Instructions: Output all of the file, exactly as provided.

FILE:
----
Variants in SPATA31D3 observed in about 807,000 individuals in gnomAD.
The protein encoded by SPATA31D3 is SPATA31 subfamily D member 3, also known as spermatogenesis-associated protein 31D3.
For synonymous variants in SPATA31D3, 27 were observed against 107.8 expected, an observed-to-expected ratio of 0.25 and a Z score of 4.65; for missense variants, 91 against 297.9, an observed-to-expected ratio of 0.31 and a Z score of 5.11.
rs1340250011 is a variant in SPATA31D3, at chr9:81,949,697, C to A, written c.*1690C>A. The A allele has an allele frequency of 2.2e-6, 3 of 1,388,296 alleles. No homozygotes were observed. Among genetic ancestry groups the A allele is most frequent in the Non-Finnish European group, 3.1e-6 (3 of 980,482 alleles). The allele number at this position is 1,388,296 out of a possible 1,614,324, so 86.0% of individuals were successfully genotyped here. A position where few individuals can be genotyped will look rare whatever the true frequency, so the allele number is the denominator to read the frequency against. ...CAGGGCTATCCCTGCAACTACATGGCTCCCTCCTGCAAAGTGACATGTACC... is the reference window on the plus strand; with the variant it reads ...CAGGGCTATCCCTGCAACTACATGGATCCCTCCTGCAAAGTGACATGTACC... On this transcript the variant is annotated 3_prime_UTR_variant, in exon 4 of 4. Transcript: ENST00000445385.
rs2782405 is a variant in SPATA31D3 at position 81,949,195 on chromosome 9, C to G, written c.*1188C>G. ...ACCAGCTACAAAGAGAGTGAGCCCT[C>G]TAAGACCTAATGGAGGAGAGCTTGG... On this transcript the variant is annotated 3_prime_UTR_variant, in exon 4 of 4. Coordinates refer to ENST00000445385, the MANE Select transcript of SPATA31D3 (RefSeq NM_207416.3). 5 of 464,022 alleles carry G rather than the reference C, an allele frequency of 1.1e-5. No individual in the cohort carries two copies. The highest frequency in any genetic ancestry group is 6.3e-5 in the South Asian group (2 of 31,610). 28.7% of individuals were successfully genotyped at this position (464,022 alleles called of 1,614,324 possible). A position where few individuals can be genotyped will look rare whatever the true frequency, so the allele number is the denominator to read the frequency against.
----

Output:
Variants in SPATA31D3 observed in about 807,000 individuals in gnomAD.
The protein encoded by SPATA31D3 is SPATA31 subfamily D member 3, also known as spermatogenesis-associated protein 31D3.
For synonymous variants in SPATA31D3, 27 were observed against 107.8 expected, an observed-to-expected ratio of 0.25 and a Z score of 4.65; for missense variants, 91 against 297.9, an observed-to-expected ratio of 0.31 and a Z score of 5.11.
rs1340250011 is a variant in SPATA31D3, at chr9:81,949,697, C to A, written c.*1690C>A. The A allele has an allele frequency of 2.2e-6, 3 of 1,388,296 alleles. No homozygotes were observed. Among genetic ancestry groups the A allele is most frequent in the Non-Finnish European group, 3.1e-6 (3 of 980,482 alleles). The allele number at this position is 1,388,296 out of a possible 1,614,324, so 86.0% of individuals were successfully genotyped here. A position where few individuals can be genotyped will look rare whatever the true frequency, so the allele number is the denominator to read the frequency against. ...CAGGGCTATCCCTGCAACTACATGGCTCCCTCCTGCAAAGTGACATGTACC... is the reference window on the plus strand; with the variant it reads ...CAGGGCTATCCCTGCAACTACATGGATCCCTCCTGCAAAGTGACATGTACC... On this transcript the variant is annotated 3_prime_UTR_variant, in exon 4 of 4. Transcript: ENST00000445385.
rs2782405 is a variant in SPATA31D3 at position 81,949,195 on chromosome 9, C to G, written c.*1188C>G. ...ACCAGCTACAAAGAGAGTGAGCCCT[C>G]TAAGACCTAATGGAGGAGAGCTTGG... On this transcript the variant is annotated 3_prime_UTR_variant, in exon 4 of 4. Coordinates refer to ENST00000445385, the MANE Select transcript of SPATA31D3 (RefSeq NM_207416.3). 5 of 464,022 alleles carry G rather than the reference C, an allele frequency of 1.1e-5. No individual in the cohort carries two copies. The highest frequency in any genetic ancestry group is 6.3e-5 in the South Asian group (2 of 31,610). 28.7% of individuals were successfully genotyped at this position (464,022 alleles called of 1,614,324 possible). A position where few individuals can be genotyped will look rare whatever the true frequency, so the allele number is the denominator to read the frequency against.